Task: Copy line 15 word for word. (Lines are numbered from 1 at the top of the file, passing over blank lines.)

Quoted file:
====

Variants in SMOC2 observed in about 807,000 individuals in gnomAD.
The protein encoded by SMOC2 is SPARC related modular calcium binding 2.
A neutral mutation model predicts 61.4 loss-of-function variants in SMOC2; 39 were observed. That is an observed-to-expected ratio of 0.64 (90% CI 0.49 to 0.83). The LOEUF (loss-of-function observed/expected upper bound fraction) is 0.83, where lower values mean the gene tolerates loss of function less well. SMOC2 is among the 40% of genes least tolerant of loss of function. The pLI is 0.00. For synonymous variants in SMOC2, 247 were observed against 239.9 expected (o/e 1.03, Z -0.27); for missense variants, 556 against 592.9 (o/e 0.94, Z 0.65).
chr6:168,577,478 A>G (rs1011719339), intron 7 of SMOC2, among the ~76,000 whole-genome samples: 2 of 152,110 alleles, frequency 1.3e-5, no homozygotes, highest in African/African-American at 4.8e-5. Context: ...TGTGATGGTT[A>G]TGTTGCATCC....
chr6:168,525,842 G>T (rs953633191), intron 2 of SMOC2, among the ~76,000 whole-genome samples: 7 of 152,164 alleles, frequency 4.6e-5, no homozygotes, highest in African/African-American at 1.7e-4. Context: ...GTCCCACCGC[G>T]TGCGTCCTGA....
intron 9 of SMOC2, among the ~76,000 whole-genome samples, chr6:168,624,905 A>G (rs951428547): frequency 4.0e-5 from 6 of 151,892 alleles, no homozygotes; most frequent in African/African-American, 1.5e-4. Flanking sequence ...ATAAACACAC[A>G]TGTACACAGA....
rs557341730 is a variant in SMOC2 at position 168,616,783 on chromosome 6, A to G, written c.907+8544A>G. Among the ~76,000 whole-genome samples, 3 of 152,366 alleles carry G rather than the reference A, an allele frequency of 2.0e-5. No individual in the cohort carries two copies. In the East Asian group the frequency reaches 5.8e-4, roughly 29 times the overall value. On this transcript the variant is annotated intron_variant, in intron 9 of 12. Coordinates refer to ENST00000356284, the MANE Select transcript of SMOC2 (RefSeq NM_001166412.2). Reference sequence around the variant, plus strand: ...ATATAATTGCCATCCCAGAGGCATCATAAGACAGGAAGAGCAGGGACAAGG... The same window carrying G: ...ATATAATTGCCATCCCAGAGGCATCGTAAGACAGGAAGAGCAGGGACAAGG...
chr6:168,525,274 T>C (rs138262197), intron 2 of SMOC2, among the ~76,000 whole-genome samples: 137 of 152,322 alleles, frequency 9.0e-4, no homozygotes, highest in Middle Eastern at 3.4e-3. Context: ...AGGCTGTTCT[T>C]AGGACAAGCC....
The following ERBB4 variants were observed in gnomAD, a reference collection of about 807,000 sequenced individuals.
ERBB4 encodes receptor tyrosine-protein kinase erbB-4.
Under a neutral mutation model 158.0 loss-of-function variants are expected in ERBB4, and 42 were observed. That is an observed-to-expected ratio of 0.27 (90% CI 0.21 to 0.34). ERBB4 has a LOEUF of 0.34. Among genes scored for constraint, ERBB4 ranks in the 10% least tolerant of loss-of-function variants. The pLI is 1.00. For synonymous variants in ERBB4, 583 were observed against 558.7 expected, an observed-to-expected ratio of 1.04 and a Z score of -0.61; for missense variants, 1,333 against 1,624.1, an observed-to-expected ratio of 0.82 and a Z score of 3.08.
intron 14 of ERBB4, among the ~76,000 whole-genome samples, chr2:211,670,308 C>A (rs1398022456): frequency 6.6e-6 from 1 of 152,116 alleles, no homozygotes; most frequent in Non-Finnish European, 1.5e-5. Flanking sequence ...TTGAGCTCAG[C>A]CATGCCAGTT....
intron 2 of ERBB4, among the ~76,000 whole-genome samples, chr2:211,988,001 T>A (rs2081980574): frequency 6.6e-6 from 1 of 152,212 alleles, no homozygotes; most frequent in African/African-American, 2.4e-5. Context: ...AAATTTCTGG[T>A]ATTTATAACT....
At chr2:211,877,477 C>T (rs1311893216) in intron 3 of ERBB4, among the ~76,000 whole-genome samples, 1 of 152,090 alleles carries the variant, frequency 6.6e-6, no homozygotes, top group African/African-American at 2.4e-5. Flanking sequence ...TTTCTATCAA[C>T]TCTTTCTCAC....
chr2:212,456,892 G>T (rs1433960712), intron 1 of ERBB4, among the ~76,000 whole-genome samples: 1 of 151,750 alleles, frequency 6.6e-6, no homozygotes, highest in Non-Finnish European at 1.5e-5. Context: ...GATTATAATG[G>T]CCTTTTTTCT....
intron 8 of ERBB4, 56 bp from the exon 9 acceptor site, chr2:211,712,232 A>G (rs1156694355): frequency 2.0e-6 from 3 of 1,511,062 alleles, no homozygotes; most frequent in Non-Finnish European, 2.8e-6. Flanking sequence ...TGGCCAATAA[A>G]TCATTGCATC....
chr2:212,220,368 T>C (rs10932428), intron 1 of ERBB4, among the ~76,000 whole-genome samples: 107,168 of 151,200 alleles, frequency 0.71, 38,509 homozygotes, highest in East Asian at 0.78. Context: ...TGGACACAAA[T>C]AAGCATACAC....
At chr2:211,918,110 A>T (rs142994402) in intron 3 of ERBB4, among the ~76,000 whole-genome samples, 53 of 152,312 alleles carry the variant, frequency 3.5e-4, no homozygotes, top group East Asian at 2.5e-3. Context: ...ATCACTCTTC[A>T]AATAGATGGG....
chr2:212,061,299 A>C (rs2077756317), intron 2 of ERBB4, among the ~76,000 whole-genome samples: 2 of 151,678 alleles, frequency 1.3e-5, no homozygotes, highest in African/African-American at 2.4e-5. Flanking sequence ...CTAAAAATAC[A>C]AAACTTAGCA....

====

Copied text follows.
chr2:212,456,892 G>T (rs1433960712), intron 1 of ERBB4, among the ~76,000 whole-genome samples: 1 of 151,750 alleles, frequency 6.6e-6, no homozygotes, highest in Non-Finnish European at 1.5e-5. Context: ...GATTATAATG[G>T]CCTTTTTTCT....